Va_Investor,Here is the fatal flaw in your argument (and the other housing bulls argument). If white collar couples making $100k are living in some crappy condo, then where are the immigrant families living? West Virginia? Don't you understand that most of these highly dense neighborhoods were designed to provide affordable housing, not median housing? Remember this home I found? http://franklymls.com/FX7154937No one at the county planner office is under the delusion that it would house someone who would drive down Maple Avenue to an office job in Tysons Corner. It's for those who have blue collar service jobs. You can't expect people to commute from Spotsylvania County to be a $10/hr janitor at some company in Fairfax County. After gas costs it's barely worth it.
TBW- A lot of poorer minority families live in multifamily units. Although many make 30-40K when you put several families in a house it becomes feasible to like in a 400K house.
Tbw,Because it's cheaper than renting and fulfills all of our needs. Amongst which yard-work is not a need.From that same article it says buy best or buy cheapest. We're doing the buy cheapest.The condo we'd be buying is in better condition, the same size but entirely above ground, such that the bedrooms and all the other rooms are larger (since there's one less room).I just don't have that SFH gene. Just missing it I guess. Besides, we can buy ours now, for $215k if the bank accepts our offer. Whereas we'd have to wait an unknown amount of time for an equivalent of this house to come down to our cheapness threshold.Now, if I knew for certain that 1800 sq ft. SFH's with cool 60's architecture were going to come down to $325k within the next two years, that'd be a different story.Besides, the starter rung is wide, and basically encompasses anything that's better than renting.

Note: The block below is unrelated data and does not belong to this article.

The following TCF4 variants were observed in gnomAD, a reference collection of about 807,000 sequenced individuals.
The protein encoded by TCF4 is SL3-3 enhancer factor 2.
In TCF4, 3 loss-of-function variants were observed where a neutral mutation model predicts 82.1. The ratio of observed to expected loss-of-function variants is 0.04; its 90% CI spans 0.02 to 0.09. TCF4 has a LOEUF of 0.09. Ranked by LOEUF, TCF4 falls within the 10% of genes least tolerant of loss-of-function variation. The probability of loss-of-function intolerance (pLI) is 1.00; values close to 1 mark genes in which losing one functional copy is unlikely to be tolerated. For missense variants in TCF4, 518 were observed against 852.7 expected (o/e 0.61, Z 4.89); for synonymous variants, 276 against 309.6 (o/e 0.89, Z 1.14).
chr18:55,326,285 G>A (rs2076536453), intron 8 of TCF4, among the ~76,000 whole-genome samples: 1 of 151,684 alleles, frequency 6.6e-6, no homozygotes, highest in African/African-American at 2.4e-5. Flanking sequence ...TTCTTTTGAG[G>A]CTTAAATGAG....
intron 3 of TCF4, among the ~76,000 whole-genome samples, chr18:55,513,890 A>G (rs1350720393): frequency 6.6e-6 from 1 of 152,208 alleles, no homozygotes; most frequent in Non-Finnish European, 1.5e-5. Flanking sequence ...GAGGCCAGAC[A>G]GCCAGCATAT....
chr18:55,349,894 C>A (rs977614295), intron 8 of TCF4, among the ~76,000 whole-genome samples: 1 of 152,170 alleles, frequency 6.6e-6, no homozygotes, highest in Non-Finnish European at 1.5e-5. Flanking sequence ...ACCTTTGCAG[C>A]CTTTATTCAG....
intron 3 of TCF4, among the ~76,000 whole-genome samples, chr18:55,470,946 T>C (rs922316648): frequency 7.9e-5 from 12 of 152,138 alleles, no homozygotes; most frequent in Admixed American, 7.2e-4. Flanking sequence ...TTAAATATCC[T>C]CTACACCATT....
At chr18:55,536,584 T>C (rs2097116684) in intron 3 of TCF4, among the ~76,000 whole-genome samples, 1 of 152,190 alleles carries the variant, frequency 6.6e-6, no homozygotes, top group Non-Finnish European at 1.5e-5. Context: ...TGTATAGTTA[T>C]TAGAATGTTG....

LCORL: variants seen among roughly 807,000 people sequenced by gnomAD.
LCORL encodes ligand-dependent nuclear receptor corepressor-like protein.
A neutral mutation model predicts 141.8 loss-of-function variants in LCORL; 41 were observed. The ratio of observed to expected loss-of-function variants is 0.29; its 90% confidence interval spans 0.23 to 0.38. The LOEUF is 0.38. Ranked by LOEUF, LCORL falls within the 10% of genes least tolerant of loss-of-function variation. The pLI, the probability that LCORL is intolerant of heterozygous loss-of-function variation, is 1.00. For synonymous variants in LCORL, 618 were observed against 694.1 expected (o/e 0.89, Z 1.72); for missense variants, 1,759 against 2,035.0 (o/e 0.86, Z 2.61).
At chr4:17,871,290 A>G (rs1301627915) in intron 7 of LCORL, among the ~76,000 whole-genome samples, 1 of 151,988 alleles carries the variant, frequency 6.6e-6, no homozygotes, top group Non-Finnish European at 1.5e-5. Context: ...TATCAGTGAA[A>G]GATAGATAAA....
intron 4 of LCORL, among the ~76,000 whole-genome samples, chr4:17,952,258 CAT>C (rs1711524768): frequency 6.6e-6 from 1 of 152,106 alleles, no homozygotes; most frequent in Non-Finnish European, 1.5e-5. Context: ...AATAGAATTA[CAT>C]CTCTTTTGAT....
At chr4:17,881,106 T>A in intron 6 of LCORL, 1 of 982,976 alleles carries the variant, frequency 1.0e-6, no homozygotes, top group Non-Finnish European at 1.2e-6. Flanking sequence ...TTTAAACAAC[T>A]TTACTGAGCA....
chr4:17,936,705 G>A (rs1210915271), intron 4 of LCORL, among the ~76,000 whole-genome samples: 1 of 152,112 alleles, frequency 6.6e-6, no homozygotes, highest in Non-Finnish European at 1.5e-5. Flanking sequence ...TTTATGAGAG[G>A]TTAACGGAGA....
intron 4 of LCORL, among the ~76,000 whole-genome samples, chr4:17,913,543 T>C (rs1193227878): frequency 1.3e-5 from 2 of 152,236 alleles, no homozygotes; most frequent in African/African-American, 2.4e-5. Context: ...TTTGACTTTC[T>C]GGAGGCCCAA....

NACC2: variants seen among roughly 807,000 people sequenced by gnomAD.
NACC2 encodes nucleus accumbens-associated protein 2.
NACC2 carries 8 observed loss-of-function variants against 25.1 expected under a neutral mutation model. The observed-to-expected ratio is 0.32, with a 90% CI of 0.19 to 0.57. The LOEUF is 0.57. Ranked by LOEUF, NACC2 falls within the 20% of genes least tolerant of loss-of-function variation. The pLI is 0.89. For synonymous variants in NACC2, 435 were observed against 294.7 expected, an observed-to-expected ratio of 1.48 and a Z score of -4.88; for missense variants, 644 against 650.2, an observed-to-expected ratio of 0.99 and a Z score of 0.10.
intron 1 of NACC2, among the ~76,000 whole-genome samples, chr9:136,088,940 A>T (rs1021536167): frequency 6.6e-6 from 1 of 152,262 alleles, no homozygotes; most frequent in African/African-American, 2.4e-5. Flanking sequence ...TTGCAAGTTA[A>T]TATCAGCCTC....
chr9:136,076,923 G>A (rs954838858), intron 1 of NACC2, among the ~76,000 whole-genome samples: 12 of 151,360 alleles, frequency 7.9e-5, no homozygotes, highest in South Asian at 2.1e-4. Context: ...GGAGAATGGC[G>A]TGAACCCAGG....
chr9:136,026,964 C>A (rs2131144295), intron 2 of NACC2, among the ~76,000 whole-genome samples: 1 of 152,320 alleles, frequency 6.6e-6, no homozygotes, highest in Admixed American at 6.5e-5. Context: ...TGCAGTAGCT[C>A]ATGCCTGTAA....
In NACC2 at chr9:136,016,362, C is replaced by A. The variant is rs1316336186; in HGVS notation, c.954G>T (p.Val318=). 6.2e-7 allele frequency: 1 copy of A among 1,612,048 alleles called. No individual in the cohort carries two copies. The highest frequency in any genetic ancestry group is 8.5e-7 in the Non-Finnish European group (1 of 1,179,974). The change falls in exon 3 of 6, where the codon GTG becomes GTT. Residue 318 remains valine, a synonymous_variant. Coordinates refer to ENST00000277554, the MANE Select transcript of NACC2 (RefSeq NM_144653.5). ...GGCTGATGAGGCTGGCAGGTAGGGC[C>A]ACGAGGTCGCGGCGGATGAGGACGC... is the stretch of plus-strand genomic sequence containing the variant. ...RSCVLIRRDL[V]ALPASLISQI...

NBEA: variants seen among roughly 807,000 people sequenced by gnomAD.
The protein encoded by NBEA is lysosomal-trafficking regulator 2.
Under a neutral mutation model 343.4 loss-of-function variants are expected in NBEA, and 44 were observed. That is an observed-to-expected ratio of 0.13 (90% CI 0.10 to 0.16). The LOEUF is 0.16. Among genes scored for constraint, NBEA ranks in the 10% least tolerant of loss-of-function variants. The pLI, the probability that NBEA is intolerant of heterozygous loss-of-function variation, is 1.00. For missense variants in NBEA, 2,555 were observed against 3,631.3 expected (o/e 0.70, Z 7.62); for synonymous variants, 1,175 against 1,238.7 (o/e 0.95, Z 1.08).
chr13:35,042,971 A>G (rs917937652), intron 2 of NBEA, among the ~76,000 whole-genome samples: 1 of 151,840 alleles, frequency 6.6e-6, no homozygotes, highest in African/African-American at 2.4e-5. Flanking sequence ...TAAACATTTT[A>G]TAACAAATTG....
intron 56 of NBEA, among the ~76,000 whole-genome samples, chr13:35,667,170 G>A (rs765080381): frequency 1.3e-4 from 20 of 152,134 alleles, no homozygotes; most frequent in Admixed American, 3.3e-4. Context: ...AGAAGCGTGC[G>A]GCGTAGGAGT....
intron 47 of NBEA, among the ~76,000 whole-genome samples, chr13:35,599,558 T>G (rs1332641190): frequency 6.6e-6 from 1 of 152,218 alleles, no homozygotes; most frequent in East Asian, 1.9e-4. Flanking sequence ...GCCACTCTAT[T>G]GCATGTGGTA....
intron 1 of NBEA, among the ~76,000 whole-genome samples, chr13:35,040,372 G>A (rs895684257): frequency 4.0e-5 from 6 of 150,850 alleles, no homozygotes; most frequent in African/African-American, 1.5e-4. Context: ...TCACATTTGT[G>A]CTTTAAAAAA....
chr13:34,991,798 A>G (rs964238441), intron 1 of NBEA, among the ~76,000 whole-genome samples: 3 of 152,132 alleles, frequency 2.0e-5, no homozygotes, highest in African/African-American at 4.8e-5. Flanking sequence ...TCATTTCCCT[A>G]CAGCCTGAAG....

http://franklymls.com/FX7110585$399k is the new black!It's a SS, so the price may be a cruel joke, but this guys 1700 sq feet above ground, baby.
tbw,Yes, I am open to that possibility, which is part of why I brought this house up. Mostly it was the vegetable garden though. This type of house needs it's own name. First and last home? It's the right "starter home" for people who aren't in renumerative careers and can't afford the transaction costs of participating in the ladder.But yes, that would be blue-collar kind of workers.
tbw,using the most conservative front-end ratio of 28%, 100K can afford a 400K mortgage at 5%.20% down puts you at 500K.If this is what you consider a crappy pos condo...I don't know what to tell you.
Va_investor,DTI includes payment of taxes and insurance. But no lender is actually holding people to 28% DTI either.Still, $450k is not a crappy condo in Reston, at the height of the bubble it bought you a nice big TH in Northgate.
Cara,My mother sold an absolutely beautiful TH (not condo or piggy back) about 2 yrs ago AT RTC for about 440K. It was on Edgemere Circle - hardly a crappy pos condo! 3 level, 3 bd/2.5 bath with a rough-in and finished lower (walkout) level with garage. New hardwoods and granite, gas FP, big deck backing to woods.I doubt they have gone up since then.
Va_investor,I think you missed a "not" in that sentence, I was agreeing with you. Your example is more concrete and timely, than my one and only data point from my best friend who lives in Reston (and bought in 2006).
Cara,No, I was agreeing with you. If tbw thinks a Parc Reston condo is crappy, I clearly don't agree and I don't think any of the residents there would.As far as the immigrants that tbw thinks can only afford West Virginia due to their 40K income, I again point to some of the communities where I have bought.
I thought they were building these things for the government.Instead it looks like private capital is driving expansion.Well, not only does it look like the recession is over locally, but we have achieved a separate milestone:“In addition to having one of the best performing economies, D.C. stood out in another way last quarter. It achieved a new high gross metropolitan product,” said Alan Berube, research director of the metropolitan policy program at D.C.-based Brookings and co-author of the report. “It surpassed what its own [gross domestic product] was before the recession.”For the record, I do not think house prices are going to return to bubble levels just because the economic output matches, actually excceds, what existed at the peak of the housing bubble.